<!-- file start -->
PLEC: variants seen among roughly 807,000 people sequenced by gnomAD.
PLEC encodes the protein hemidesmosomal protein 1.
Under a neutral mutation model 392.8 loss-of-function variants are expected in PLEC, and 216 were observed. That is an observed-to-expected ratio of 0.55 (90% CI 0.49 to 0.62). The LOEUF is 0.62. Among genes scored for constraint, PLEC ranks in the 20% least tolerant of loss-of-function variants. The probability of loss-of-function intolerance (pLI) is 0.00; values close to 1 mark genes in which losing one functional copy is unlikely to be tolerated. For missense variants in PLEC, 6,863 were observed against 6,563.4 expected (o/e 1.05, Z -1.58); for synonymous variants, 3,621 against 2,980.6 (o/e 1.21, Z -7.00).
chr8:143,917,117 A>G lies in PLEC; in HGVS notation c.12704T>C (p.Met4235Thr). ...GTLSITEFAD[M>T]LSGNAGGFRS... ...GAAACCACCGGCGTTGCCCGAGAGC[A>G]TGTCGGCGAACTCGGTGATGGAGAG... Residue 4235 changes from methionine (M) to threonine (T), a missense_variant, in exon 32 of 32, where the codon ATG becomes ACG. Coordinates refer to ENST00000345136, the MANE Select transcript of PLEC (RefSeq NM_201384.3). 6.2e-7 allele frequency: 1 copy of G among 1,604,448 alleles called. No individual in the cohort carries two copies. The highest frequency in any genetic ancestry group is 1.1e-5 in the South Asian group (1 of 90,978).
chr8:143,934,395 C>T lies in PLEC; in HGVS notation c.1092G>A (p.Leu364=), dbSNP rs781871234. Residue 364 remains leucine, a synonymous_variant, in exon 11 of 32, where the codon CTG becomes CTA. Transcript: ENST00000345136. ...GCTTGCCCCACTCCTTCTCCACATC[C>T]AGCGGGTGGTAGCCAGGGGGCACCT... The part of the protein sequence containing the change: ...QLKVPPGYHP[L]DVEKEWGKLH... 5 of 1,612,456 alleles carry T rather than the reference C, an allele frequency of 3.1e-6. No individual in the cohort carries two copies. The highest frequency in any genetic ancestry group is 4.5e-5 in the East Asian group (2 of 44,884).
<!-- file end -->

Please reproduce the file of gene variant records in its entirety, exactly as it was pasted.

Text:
PLEC: variants seen among roughly 807,000 people sequenced by gnomAD.
PLEC encodes the protein hemidesmosomal protein 1.
Under a neutral mutation model 392.8 loss-of-function variants are expected in PLEC, and 216 were observed. That is an observed-to-expected ratio of 0.55 (90% CI 0.49 to 0.62). The LOEUF is 0.62. Among genes scored for constraint, PLEC ranks in the 20% least tolerant of loss-of-function variants. The probability of loss-of-function intolerance (pLI) is 0.00; values close to 1 mark genes in which losing one functional copy is unlikely to be tolerated. For missense variants in PLEC, 6,863 were observed against 6,563.4 expected (o/e 1.05, Z -1.58); for synonymous variants, 3,621 against 2,980.6 (o/e 1.21, Z -7.00).
chr8:143,917,117 A>G lies in PLEC; in HGVS notation c.12704T>C (p.Met4235Thr). ...GTLSITEFAD[M>T]LSGNAGGFRS... ...GAAACCACCGGCGTTGCCCGAGAGC[A>G]TGTCGGCGAACTCGGTGATGGAGAG... Residue 4235 changes from methionine (M) to threonine (T), a missense_variant, in exon 32 of 32, where the codon ATG becomes ACG. Coordinates refer to ENST00000345136, the MANE Select transcript of PLEC (RefSeq NM_201384.3). 6.2e-7 allele frequency: 1 copy of G among 1,604,448 alleles called. No individual in the cohort carries two copies. The highest frequency in any genetic ancestry group is 1.1e-5 in the South Asian group (1 of 90,978).
chr8:143,934,395 C>T lies in PLEC; in HGVS notation c.1092G>A (p.Leu364=), dbSNP rs781871234. Residue 364 remains leucine, a synonymous_variant, in exon 11 of 32, where the codon CTG becomes CTA. Transcript: ENST00000345136. ...GCTTGCCCCACTCCTTCTCCACATC[C>T]AGCGGGTGGTAGCCAGGGGGCACCT... The part of the protein sequence containing the change: ...QLKVPPGYHP[L]DVEKEWGKLH... 5 of 1,612,456 alleles carry T rather than the reference C, an allele frequency of 3.1e-6. No individual in the cohort carries two copies. The highest frequency in any genetic ancestry group is 4.5e-5 in the East Asian group (2 of 44,884).